For the past 4-5 years a new unit of measurement has appeared: the account.

It could be an account on Facebook, Twitter— or any newfangled site that’s developed the latest strategy.  But beware, there is a fundamental difference between the subscriber and the account: in the 90’s, the subscriber had to pay for his subscription, now you can create an account for free.  Even the term “account” doesn’t seem so accurate. I deposit money in my bank account.  In my Facebook account, I deposit photos, videos, apps, more photos, more videos, and even more photos.  My Facebook account is saved in the hard drive of an army of servers, but compared to my bank account, I am beholden to nobody! This is typical of the 2.0 web: everything is free, no one asks for anything.

In 2007, Facebook was valued at $15 billion, thanks to the generous $240 million investment made by Microsoft to secure 1.7% of its capital.  At the time of the investment, an account was valued at $250. Once again, we see the same unreal ratios that we saw during the first Internet bubble.  If there is anyone out there who can clearly explain to me Facebook’s business model, I am all ears.

Facebook’s balance sheet is protected like a State secret: in 2008, rumor had it that its turnover was $150 million, for 200 million accounts, meaning .75€ per head in annual revenue.  You might as well invest in a bakery.  To finish it off, add 50€ million in losses—how else can you afford the mass of servers that allow the pokes, the photos, the videos and the wall posts to continue?  And let’s not even talk about the bandwidth.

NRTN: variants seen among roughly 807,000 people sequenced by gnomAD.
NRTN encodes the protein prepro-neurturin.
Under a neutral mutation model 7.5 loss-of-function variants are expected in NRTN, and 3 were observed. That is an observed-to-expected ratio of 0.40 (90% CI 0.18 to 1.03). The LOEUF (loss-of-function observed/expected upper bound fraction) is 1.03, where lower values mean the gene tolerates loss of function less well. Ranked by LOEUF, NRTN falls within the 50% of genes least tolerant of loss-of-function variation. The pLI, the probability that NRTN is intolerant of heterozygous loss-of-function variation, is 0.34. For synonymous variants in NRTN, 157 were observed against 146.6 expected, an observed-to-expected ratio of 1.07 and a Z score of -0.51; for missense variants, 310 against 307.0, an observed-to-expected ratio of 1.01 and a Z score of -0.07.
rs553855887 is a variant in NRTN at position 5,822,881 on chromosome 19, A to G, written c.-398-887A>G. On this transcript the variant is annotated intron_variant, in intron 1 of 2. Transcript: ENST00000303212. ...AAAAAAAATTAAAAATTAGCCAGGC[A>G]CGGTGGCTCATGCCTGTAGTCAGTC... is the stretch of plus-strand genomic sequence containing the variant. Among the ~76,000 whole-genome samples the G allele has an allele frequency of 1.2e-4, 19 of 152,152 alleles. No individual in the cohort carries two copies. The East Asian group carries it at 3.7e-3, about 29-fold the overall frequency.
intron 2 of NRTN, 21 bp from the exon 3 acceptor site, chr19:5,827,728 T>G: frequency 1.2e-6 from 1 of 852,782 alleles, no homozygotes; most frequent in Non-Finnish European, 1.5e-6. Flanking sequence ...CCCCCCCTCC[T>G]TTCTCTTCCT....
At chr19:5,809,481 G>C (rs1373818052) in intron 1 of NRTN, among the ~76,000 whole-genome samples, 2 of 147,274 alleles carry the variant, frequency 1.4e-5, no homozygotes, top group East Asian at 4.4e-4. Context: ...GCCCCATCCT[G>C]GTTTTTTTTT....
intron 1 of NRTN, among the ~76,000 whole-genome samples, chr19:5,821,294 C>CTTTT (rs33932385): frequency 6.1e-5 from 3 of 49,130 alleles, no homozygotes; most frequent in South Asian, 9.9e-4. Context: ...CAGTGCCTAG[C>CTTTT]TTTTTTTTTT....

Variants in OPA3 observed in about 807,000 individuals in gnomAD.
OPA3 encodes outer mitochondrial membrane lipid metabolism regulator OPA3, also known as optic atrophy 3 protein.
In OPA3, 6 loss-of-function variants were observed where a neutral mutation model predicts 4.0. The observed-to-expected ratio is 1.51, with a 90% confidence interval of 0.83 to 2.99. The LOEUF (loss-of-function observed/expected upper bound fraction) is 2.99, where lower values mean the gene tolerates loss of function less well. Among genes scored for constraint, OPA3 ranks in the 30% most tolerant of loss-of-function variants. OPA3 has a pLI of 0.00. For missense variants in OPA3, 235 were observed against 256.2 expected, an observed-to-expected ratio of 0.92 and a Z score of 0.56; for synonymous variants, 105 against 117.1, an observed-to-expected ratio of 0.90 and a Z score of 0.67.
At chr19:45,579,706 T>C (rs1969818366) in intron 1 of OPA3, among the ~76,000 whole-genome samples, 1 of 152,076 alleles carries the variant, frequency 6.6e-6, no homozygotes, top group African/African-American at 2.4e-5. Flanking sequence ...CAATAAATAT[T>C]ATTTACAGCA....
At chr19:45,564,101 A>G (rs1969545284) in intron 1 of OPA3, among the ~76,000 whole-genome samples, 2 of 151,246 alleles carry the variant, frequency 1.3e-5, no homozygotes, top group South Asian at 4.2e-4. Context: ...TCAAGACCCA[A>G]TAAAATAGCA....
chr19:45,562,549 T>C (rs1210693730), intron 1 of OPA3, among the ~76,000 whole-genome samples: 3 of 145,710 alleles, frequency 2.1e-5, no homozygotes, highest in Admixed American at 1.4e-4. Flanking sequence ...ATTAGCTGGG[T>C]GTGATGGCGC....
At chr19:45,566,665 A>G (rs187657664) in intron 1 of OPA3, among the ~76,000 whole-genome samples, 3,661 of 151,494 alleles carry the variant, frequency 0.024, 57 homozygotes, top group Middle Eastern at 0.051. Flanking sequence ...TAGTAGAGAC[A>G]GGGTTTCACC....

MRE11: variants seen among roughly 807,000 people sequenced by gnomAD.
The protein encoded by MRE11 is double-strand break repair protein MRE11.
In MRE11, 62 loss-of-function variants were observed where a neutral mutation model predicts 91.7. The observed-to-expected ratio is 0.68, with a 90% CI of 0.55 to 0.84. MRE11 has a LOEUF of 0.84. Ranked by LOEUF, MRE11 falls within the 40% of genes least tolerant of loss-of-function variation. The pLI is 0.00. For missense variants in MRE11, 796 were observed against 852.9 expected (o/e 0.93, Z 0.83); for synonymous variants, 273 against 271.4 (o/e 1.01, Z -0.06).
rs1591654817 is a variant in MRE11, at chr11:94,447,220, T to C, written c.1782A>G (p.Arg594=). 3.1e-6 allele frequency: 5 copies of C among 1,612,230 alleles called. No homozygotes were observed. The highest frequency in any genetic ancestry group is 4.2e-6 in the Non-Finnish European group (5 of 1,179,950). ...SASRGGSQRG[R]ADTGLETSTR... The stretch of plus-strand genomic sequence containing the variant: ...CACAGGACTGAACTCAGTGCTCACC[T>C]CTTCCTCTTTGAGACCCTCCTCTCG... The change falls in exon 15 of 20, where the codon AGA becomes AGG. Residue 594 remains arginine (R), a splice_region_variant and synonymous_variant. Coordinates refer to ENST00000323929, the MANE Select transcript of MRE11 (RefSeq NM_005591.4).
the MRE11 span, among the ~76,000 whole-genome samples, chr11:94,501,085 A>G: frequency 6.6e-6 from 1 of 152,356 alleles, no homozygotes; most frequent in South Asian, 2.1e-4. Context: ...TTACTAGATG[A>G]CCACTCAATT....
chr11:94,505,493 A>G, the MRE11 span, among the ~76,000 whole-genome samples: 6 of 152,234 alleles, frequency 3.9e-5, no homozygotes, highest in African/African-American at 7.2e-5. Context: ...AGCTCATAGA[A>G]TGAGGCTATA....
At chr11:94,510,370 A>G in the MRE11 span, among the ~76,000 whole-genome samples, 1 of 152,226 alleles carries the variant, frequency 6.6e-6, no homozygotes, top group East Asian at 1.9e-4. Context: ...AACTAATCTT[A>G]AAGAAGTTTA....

These digital cowboys, and the bankers who are backing them, seem to forget a basic rule of business: when a service is free, the “customer” has no commitment and can leave at a moment’s notice—as soon as he feels that the grass is greener elsewhere. This is what’s happening on Twitter, digital financing’s latest joke. What is the business model of a site that has no advertizing?  A mystery.  So could the web 2.0 bubble burst? Theoretically, yes, if you believe that history– and mistakes– repeat themselves.  Take note of the frenzied mergers and acquisitions that are built on hot air—which is exactly what happened when Facebook, afraid of Twitter’s dominance bought Friendfeed, another free service that aggregates feeds.  Apparently it was purchased for $15 million in cash and some $32 million in Facebook stock.  A stock that today is worth practically nothing.